Slagus played in Ireland’s Women’s Super League with IT Carlow BC in Carlow, about 50 miles from the capital of Dublin. While there, the Pennsylvania native pursued a graduate degree and helped coach two youth boys’ basketball teams.

She was one of two Americans on her team, which normally played just one game a week, typically before a crowd of fewer than 100 people — during Slagus’ time as a Bison more spectators attended games in Sojka Pavillion and at her squad’s two NCAA Tournament appearances. The scant attendance didn’t affect her game, however, as she averaged nearly 23 points, 17 rebounds and three assists per game and was named the Irish league defensive player of the year.

It was not the first European journey for Slagus, who visited Ireland on a family vacation as a teenager. With the Bison she also visited Europe during summer 2018 and played an exhibition game in the Czech Republic.

A. Kaitlyn Slagus ’19 (second from left) with her teammates in Ireland.
B. A pro player with a Spanish team, Suné Swart ’17 drives for a layup.
C. Nana Foulland ’18 on a promotional poster in Sopot, Poland.
Photo: Madison Carla Reagan Foulland
Many of the Bucknell graduates have vivid memories from playing overseas.

Brown, a 5-foot-11-inch guard from Virginia, played in Turkey, Latvia, Russia, Germany and England before signing with a team in Denain, in northern France, this season. “I enjoy away games the most because they provide the opportunity to visit and see other cities throughout the country,” says the psychology major and religious studies minor.

The chance to play in England while fulfilling a short-term contract in October allowed Brown to “tour around London and see all the famous and notable landmarks.” As his career has taken him around the continent he’s frequently had the feeling of wanting to pinch himself as a reminder that he’s really there. “While walking around and taking pictures, I just became even more grateful that I am living out my dreams,” he says.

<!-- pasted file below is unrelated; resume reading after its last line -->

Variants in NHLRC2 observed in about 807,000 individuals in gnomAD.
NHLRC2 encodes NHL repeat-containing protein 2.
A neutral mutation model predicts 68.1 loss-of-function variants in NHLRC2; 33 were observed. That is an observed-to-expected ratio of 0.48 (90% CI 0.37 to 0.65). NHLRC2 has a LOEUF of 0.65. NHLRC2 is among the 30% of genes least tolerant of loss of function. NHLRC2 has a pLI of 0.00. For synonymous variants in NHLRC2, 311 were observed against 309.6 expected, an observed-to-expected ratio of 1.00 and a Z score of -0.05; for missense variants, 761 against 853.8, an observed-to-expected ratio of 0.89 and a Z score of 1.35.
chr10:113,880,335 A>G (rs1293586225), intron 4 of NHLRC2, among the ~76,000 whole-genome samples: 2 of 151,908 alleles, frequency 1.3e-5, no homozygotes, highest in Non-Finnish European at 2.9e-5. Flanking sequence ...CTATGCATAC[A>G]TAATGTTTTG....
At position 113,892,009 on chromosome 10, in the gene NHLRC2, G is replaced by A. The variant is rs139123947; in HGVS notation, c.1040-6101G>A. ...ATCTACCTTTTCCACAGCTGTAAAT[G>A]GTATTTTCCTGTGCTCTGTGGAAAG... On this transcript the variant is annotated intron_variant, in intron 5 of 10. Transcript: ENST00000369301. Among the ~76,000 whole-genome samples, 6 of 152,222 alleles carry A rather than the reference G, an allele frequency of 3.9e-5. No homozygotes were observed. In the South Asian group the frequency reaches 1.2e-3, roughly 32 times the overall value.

His time in Europe has also given him a different perspective on world events and developments back home, like observing the protests following George Floyd’s murder in Minneapolis spill over into European streets and capitals.

“I thought the Black Lives Matter protests were very powerful,” says Brown, who was moved to see people in Germany and France “coming together and being heard. People are starting to become more aware and checking biases that they never realized they had. While in France, I’ve been asked a few times about the issues in the U.S., such as the political climate and racial injustice.”

Living in Spain was not Swart’s first experience adjusting to a new environment. Born in South Africa, she moved to Minnesota at age 11. The family eventually settled in Oil City, Pa., where her late father was a pastor.

“Europe is so different from South Africa and also from America, too,” she says. “I was in awe of the old buildings, and the city centers [in Europe] are very cool. People are able to walk everywhere, from café to café to café. I think I had culture shock at first, but I am kind of used to that now.”

European leagues welcome players from American colleges because they offer top competition and an opportunity for a country’s native players to build their skill level, but the leagues also limit how many former American players they accept. By restricting the number of foreign players, European teams can help build the game of basketball with players from their own nations.

Despite her exclusive status, that doesn’t mean Swart enjoys the recognition level a player like the WNBA’s Maya Moore enjoys at home.

Playing overseas “is not like being a celebrity in terms of your personality,” Swart says. “If people see your jersey, they know you are part of the team. If you walk somewhere and you are tall, the fans will say, ‘Good job.’ It is kind of like Bucknell.”